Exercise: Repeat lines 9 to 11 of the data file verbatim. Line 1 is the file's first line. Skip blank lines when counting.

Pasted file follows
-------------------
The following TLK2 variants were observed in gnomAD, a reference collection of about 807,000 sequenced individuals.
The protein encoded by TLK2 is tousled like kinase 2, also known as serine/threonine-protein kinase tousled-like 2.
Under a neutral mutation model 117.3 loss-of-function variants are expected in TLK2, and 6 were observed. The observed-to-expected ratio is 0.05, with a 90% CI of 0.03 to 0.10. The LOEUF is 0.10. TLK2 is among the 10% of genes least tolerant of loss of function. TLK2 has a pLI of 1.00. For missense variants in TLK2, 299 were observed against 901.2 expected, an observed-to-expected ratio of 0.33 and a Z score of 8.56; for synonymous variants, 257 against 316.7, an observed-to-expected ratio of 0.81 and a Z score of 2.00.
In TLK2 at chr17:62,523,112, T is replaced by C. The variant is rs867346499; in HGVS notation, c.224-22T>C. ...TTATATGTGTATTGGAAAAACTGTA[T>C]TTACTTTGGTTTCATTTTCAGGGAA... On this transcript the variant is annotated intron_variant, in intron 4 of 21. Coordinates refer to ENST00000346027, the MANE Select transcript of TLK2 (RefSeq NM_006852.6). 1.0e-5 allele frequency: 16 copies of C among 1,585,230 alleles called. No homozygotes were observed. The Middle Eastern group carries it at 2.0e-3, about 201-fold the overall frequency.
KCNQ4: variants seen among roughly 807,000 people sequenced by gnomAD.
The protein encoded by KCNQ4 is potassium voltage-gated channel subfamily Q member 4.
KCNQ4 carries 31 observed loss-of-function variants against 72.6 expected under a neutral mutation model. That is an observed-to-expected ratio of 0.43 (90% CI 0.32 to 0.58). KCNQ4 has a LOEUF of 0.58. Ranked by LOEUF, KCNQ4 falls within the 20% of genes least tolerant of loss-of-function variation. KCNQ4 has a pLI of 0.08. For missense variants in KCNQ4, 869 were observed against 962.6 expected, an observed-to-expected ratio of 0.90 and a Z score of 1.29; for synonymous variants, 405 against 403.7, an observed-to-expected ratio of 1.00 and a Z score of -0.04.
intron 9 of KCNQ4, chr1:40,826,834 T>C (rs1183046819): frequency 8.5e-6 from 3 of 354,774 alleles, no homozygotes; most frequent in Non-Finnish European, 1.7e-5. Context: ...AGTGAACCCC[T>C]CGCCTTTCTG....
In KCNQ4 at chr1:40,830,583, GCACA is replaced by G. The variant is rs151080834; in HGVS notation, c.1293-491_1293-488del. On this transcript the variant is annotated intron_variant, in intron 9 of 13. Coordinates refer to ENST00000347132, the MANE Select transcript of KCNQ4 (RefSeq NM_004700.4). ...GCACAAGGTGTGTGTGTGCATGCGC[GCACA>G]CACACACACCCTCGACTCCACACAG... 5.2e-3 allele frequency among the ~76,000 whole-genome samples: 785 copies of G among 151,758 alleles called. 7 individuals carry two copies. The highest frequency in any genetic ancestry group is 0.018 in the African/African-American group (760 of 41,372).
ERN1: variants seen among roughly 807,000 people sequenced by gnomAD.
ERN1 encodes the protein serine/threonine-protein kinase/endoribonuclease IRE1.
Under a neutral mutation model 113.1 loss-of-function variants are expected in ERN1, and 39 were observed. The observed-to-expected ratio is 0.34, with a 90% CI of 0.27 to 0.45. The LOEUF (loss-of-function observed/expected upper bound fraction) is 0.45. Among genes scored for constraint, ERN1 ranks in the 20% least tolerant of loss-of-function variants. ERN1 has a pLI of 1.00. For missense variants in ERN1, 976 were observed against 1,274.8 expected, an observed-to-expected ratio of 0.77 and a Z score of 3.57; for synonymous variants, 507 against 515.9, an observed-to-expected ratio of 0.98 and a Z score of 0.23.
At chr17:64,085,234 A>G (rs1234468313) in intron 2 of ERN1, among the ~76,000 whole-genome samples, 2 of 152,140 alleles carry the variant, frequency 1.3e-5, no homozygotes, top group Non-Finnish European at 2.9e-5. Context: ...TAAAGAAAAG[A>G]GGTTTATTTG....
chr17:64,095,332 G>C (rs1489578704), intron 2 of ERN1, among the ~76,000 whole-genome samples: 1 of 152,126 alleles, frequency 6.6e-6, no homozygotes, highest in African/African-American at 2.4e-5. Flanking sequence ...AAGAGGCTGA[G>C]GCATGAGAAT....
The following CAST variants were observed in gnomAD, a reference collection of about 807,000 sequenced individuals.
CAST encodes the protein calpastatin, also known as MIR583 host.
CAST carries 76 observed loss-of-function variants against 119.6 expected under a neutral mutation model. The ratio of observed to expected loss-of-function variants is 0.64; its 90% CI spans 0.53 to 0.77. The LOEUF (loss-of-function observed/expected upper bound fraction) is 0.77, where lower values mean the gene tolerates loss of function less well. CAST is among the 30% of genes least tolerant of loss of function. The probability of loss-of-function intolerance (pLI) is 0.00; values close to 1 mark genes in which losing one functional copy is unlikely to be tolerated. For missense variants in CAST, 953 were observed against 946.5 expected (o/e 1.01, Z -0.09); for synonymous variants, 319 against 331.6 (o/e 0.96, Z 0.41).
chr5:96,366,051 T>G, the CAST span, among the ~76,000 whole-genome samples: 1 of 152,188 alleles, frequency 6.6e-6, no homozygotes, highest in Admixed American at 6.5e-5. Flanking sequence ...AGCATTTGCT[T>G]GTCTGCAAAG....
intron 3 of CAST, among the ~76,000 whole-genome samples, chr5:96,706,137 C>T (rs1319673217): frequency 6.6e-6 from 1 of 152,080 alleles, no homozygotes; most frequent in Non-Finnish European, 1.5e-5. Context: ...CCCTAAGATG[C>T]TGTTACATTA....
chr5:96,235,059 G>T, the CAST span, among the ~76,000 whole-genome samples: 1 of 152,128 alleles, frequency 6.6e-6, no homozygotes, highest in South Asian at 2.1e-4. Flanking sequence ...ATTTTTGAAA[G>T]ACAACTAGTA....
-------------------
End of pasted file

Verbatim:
In KCNQ4 at chr1:40,830,583, GCACA is replaced by G. The variant is rs151080834; in HGVS notation, c.1293-491_1293-488del. On this transcript the variant is annotated intron_variant, in intron 9 of 13. Coordinates refer to ENST00000347132, the MANE Select transcript of KCNQ4 (RefSeq NM_004700.4). ...GCACAAGGTGTGTGTGTGCATGCGC[GCACA>G]CACACACACCCTCGACTCCACACAG... 5.2e-3 allele frequency among the ~76,000 whole-genome samples: 785 copies of G among 151,758 alleles called. 7 individuals carry two copies. The highest frequency in any genetic ancestry group is 0.018 in the African/African-American group (760 of 41,372).
ERN1: variants seen among roughly 807,000 people sequenced by gnomAD.
ERN1 encodes the protein serine/threonine-protein kinase/endoribonuclease IRE1.